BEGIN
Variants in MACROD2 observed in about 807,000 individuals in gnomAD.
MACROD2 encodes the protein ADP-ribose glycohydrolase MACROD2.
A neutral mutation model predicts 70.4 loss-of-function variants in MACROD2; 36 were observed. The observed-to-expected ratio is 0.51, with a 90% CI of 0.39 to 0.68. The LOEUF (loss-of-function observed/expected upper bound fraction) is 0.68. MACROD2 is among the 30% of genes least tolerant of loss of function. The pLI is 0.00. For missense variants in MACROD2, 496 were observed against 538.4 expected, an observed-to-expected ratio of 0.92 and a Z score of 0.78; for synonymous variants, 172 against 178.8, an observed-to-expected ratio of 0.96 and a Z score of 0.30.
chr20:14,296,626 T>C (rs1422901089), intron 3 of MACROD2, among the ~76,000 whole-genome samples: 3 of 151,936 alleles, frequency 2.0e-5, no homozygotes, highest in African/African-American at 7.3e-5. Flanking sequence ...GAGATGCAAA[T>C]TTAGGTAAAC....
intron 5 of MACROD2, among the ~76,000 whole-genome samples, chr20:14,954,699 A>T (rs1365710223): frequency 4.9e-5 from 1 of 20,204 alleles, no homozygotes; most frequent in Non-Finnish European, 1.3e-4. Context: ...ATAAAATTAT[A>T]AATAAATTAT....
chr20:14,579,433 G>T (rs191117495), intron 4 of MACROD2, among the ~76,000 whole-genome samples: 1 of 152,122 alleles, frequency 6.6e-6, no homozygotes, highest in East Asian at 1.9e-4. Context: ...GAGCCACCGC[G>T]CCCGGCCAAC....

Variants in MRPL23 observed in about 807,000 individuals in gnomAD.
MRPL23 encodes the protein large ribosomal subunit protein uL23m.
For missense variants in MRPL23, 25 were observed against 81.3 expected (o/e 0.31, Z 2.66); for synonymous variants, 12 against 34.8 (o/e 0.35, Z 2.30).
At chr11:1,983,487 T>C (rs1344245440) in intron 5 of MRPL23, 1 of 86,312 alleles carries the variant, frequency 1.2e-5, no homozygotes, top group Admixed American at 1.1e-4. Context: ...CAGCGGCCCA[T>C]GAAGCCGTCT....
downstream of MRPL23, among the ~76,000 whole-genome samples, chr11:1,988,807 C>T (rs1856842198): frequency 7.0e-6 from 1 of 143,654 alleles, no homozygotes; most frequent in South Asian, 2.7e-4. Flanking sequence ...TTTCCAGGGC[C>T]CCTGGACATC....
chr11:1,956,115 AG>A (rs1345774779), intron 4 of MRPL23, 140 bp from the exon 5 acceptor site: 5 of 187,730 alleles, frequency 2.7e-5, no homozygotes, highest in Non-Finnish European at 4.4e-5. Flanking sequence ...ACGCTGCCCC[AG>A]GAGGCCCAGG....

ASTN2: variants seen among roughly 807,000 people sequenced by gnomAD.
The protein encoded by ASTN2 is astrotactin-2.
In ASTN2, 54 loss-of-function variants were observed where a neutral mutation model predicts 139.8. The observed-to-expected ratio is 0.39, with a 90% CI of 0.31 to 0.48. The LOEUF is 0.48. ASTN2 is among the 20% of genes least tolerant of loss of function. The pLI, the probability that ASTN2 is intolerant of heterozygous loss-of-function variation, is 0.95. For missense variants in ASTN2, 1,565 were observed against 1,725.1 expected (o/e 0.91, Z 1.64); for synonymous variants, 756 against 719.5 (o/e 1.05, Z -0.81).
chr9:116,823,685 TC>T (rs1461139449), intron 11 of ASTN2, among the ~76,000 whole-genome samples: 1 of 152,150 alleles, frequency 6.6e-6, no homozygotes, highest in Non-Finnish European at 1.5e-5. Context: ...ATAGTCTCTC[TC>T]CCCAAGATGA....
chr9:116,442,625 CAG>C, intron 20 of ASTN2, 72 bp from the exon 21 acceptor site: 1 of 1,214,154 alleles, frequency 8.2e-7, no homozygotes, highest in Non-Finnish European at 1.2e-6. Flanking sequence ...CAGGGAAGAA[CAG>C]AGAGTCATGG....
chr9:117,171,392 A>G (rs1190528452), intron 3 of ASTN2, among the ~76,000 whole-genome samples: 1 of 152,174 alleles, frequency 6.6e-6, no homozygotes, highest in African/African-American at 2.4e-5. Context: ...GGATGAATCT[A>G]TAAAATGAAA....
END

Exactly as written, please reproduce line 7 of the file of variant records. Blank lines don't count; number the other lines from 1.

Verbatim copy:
Variants in MRPL23 observed in about 807,000 individuals in gnomAD.